In addition to formation, you may need to register as a foreign entity and file fictitious name certificates in states with regulations that require you to do so.

Payment Processing

Payment processing for DFS clients has proven to be a huge pain in the ankle. As “high risk” merchants, DFS operators are subjected to an intense vetting process and are offered elevated rates and unfavorable contract terms with little to no bargaining power. It is unfortunate, but this is industry standard and something DFS operators have learned to accept as the cost of collecting payments from customers.

It is impossible to eliminate the headache of payment processing, but my unsolicited advice for minimizing the pain is: (1) seek out payment processors with DFS processing experience, (2) get started with the onboarding process as early as possible and expect delays, (3) secure as many payment processor approvals as possible, and (4) be patient. This process takes months and it is not uncommon for payment processors to fall through, even after going live. Therefore, being prepared with multiple processors can help you dodge a very expensive and potentially fatal interruption in business operations.


Ahhh the fun part—bringing your idea to life. Some founders come with a team of developers, and others just an idea. Either way, much more goes into DFS technology development than the typical website or application. Here are a few unique considerations:

First, you will need to consider the cost and permissions required for your particular game. Where will you get the data you need for your contests? How will it be integrated? Will you use team or league logos or pictures of athletes? Whom will you need permission from to do so? This is yet another costly and time-consuming process, but the last thing you want to do is deal with an intellectual property or service provider dispute after your game goes live. The best route to prevention here is adequate preparation. Get your intellectual property ducks in a row and test out service providers before you launch.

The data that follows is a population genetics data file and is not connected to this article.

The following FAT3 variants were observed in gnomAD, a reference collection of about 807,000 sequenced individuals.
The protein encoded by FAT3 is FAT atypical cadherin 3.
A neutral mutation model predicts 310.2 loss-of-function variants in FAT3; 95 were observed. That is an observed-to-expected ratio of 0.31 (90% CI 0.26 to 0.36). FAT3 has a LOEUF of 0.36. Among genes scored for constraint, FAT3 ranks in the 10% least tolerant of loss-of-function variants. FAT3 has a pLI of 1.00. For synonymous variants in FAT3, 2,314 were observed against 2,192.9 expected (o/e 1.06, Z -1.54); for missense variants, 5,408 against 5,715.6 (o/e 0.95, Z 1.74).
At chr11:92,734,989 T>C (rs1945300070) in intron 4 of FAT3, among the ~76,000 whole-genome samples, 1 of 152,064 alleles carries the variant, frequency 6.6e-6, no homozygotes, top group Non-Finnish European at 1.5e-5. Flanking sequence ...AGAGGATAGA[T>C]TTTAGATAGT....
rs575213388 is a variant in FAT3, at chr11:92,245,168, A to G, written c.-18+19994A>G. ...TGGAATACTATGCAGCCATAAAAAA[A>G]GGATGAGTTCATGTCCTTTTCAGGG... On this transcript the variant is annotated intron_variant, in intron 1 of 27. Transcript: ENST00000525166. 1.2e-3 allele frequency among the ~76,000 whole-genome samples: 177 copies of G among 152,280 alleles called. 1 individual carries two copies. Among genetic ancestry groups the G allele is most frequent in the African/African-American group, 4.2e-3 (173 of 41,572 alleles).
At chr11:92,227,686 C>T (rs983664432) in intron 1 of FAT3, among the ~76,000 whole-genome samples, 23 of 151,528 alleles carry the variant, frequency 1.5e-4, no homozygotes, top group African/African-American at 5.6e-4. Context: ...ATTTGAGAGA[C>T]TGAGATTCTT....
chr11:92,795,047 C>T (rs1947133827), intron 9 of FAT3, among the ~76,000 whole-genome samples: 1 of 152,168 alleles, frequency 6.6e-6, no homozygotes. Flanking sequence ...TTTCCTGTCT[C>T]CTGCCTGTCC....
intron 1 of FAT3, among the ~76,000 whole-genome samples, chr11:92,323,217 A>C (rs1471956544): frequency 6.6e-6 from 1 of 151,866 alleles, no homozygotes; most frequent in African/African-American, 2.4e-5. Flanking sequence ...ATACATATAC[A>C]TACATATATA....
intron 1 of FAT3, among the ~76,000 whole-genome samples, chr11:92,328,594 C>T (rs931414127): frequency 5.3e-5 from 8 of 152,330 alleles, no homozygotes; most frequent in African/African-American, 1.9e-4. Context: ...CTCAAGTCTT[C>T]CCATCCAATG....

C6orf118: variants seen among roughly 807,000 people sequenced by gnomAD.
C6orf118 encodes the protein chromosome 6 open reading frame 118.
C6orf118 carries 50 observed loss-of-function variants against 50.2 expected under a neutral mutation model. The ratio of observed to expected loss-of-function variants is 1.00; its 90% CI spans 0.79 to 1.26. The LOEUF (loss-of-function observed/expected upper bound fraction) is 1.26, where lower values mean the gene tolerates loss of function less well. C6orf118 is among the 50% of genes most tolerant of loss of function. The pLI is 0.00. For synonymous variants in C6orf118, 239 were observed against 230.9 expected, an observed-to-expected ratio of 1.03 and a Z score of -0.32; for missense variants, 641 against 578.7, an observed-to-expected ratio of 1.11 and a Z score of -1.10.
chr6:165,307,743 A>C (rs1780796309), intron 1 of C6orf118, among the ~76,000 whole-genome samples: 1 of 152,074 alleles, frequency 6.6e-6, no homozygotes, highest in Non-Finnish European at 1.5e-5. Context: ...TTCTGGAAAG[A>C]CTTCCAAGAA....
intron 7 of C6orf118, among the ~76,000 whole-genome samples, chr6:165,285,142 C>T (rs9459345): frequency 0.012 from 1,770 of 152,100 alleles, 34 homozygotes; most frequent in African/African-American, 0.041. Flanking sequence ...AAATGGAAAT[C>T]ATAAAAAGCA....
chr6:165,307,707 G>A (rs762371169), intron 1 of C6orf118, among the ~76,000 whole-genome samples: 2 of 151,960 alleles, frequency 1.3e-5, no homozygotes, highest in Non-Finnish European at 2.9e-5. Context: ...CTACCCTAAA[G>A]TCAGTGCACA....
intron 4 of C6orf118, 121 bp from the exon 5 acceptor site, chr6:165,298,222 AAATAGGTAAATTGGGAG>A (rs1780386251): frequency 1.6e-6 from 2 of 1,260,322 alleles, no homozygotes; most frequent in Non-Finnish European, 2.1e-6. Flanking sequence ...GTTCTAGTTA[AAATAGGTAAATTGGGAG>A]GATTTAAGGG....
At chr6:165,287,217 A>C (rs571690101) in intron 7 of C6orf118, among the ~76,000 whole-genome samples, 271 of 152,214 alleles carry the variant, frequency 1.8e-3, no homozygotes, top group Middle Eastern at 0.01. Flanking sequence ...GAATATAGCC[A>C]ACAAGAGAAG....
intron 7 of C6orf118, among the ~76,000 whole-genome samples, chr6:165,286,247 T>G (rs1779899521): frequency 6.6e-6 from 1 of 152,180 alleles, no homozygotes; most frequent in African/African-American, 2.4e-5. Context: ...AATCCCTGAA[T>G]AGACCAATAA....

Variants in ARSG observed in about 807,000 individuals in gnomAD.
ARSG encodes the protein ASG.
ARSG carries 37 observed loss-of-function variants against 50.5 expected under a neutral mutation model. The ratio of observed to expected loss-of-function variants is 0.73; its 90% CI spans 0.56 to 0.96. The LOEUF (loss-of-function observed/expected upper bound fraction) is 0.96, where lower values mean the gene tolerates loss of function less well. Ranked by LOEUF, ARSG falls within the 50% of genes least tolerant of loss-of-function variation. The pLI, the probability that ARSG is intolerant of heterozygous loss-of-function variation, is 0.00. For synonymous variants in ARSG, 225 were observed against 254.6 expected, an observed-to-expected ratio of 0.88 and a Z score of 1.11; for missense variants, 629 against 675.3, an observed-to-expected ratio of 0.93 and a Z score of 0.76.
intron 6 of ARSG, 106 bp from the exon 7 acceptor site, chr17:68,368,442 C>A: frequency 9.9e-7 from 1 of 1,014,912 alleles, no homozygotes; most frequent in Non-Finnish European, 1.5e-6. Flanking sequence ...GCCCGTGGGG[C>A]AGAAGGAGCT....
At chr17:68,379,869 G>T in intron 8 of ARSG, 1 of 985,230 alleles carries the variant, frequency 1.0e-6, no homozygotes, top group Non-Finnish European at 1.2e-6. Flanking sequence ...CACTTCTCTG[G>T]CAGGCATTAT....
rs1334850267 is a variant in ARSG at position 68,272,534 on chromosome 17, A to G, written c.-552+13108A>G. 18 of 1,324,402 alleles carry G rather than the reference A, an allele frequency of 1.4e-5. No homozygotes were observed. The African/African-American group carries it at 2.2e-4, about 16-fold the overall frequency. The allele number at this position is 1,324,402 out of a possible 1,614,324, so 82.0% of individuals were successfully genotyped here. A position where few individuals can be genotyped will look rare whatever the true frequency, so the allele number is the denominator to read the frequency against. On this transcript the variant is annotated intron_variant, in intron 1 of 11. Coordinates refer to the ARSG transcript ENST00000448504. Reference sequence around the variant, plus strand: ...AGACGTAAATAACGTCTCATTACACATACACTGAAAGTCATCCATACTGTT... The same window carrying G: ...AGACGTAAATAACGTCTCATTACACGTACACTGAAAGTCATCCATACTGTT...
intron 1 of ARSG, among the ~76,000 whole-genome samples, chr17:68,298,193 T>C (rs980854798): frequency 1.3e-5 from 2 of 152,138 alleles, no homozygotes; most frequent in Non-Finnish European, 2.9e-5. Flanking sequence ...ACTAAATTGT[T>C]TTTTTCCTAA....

Another unique DFS development consideration is timing. Are you banking on having your game up and running by March Madness or MLB’s opening day? If so, you will want to set milestones accordingly. Preparing for setbacks is not unique to the DFS industry, but the stakes of on-time delivery are much higher when considering the significance of events with hard deadlines and finite dates. Give yourself a cushion—and once you feel good about that cushion, give your cushion a cushion.

Finally, be prepared to integrate a number of compliance related and geo-fencing mechanisms into your platform. Payment processors as well as state authorities all have something to say about compliance, and you will need to block off access in some areas due to inconsistent state legality. By-the-book compliance here is important, but it is not impossible. Luckily for you, specialized service providers are more than adequately prepared to handle this and understand industry specific requirements.

State Licensing and Compliance

Our online tracker illustrates the state-by-state variance in DFS legislation. In the majority of states, DFS is widely accepted as legal, however, treatment within each state widely differs. Some states do not require licensing or registration—allowing DFS operators to freely operate within state borders, but others have a range of unique application processes and stringent fees for businesses offering DFS games to instate residents.